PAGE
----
Although there seems to be no argument about the cuts themselves -- that they in fact took place -- the reason for the cuts are the problem. Some have speculated that the cuts in the components were made because iPhone 5 demand was lower than expected.
I know there’s been lots of rumors about order cuts and so forth. I would suggest it’s good to question the accuracy of any kind of rumor about build plans, and even if a particular data point were factual, it would be impossible to interpret that data point for what it means for our overall business.It was a somewhat vague statement. Cook didn't explicitly say something like "There is no iPhone 5 demand problem. Can't you tell by looking at our numbers?" What he was saying, though, is that a report of component cuts doesn't necessarily mean there is a demand problem.
In fact, in another part of the call, Cook mentioned that the iPhone 5 was “very constrained for much of the quarter,” meaning that Apple was having difficulty keeping up with demand for much, but not the entire quarter.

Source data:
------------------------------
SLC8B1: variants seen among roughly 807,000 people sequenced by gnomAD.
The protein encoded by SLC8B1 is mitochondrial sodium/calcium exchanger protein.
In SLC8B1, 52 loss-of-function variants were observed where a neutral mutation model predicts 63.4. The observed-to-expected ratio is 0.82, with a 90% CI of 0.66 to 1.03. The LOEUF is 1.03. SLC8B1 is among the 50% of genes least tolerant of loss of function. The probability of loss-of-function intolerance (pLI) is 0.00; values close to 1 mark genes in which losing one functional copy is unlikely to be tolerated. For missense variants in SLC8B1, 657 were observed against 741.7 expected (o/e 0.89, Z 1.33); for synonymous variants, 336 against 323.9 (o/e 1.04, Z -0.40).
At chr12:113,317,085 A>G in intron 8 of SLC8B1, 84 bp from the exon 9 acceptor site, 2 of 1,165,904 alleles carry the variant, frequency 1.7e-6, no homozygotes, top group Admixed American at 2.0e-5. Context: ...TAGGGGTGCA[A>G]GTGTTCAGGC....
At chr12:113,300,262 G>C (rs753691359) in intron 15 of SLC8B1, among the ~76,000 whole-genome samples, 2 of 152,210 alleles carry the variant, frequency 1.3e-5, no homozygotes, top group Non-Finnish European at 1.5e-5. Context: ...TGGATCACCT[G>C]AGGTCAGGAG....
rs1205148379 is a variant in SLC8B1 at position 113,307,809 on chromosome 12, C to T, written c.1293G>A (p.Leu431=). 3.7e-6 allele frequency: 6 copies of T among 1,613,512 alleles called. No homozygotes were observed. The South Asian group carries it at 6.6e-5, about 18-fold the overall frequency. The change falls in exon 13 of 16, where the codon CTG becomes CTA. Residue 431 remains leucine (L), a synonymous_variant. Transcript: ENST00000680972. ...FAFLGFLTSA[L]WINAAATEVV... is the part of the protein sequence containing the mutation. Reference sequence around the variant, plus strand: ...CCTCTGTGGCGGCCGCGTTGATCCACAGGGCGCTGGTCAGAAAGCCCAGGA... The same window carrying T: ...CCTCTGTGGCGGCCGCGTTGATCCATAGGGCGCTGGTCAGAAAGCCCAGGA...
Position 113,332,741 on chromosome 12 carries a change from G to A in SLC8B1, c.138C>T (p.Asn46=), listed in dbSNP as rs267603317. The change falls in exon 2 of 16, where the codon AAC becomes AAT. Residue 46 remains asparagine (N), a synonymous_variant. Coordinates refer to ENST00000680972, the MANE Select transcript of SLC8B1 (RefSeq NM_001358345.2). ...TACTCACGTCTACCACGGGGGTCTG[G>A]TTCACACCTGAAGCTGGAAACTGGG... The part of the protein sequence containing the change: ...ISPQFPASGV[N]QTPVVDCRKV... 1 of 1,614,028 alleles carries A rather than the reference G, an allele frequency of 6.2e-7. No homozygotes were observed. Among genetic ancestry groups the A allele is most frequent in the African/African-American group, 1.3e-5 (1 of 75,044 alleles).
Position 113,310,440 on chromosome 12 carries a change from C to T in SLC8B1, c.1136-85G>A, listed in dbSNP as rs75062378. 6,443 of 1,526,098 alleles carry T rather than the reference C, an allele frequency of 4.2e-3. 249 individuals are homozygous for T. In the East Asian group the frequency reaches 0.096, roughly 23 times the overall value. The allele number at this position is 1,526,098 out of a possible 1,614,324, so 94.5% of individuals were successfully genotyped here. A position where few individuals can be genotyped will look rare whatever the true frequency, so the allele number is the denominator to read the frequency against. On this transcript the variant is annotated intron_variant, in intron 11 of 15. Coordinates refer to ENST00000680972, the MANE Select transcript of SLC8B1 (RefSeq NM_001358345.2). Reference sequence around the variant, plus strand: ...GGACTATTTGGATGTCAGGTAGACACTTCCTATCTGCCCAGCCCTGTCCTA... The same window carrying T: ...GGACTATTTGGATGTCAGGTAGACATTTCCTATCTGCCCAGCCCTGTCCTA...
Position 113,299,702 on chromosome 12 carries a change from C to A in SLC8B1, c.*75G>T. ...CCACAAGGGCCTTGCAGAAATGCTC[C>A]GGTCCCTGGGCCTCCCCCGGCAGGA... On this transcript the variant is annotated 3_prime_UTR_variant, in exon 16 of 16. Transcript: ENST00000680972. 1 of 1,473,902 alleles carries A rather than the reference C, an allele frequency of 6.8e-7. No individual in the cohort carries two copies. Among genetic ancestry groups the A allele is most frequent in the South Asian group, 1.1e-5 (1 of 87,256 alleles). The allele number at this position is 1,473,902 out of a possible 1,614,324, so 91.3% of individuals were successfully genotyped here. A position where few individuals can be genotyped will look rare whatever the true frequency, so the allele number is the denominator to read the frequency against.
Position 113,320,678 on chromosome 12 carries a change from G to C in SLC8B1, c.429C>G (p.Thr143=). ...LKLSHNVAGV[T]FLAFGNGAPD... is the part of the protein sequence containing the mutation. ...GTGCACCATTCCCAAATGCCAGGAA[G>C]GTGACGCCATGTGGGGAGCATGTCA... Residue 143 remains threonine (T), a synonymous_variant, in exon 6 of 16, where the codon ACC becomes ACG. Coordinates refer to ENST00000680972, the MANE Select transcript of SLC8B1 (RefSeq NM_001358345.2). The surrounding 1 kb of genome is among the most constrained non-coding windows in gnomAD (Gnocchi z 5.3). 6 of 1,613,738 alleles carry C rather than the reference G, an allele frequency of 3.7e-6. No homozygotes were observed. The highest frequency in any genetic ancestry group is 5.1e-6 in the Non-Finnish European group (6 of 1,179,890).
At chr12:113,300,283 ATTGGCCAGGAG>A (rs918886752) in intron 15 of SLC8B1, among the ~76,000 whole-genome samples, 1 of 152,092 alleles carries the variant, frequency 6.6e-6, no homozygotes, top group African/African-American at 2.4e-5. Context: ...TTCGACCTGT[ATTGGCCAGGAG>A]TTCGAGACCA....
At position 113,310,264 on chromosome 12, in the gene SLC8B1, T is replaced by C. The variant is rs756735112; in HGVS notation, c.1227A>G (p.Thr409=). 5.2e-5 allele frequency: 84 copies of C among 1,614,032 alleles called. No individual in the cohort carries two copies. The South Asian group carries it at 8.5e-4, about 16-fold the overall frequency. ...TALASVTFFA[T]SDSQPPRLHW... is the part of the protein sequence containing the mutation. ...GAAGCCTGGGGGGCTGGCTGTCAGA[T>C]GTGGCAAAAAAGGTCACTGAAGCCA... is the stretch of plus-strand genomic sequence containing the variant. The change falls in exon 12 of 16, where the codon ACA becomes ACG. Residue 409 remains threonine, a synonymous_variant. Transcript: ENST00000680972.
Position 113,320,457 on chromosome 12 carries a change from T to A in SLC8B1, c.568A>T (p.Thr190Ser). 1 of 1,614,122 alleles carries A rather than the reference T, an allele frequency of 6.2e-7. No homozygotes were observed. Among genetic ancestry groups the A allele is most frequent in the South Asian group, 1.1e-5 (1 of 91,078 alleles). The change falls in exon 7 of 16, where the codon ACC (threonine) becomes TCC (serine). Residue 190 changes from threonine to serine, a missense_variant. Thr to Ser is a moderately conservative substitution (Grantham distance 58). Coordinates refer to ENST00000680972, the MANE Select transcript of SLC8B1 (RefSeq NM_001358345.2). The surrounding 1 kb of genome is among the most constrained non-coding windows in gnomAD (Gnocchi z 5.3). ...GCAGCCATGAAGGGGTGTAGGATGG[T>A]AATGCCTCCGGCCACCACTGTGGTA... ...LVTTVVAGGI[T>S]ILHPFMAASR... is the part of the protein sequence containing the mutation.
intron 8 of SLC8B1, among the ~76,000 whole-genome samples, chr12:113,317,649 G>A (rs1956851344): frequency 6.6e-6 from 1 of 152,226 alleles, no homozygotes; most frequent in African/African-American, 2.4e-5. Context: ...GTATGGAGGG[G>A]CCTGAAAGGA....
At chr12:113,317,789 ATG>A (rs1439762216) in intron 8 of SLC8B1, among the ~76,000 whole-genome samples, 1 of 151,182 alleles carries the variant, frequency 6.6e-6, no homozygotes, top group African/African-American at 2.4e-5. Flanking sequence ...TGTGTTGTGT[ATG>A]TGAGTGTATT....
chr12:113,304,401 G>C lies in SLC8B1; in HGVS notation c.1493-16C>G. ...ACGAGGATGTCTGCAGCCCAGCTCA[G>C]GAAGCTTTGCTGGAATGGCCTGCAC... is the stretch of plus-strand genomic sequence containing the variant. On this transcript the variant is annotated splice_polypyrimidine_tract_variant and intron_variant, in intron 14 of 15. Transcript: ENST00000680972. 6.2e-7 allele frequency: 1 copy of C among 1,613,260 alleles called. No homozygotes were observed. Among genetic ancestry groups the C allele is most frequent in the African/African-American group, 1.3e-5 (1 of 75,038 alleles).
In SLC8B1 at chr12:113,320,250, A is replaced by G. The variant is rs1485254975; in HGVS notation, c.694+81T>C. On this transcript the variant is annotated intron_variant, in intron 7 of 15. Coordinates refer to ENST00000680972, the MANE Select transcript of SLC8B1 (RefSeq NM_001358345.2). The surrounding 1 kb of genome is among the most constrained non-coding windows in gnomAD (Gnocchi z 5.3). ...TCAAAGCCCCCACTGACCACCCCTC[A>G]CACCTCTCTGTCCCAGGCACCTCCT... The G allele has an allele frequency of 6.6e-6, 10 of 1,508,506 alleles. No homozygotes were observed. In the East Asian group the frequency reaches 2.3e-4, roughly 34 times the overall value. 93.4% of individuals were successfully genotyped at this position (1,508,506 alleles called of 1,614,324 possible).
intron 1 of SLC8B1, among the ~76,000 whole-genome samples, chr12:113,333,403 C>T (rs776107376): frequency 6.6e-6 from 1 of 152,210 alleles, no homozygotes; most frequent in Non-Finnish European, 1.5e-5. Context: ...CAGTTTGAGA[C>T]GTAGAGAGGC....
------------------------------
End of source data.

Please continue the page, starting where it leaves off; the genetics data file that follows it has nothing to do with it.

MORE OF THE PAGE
Interestingly enough, Cook added that "the iPhone 4 was in constraint for the entire quarter." That means that Apple's two-generation old iPhone 4 was still in extreme demand, and Apple had difficulty meeting demand for the entire quarter.
That iPhone 4 is interesting for another reason. There are a lot of rumors about a possible lower-cost iPhone. The iPhone 4 is free under contract in the U.S. and costs $450 sans contract, compared to the $650 price for a no-contract iPhone 5.
Compare that to Google's Nexus 4, though, which runs between $299 and $349 sans contract.
That price point should be -- at least -- the one Apple targets, if if puts out a lower-cost iPhone.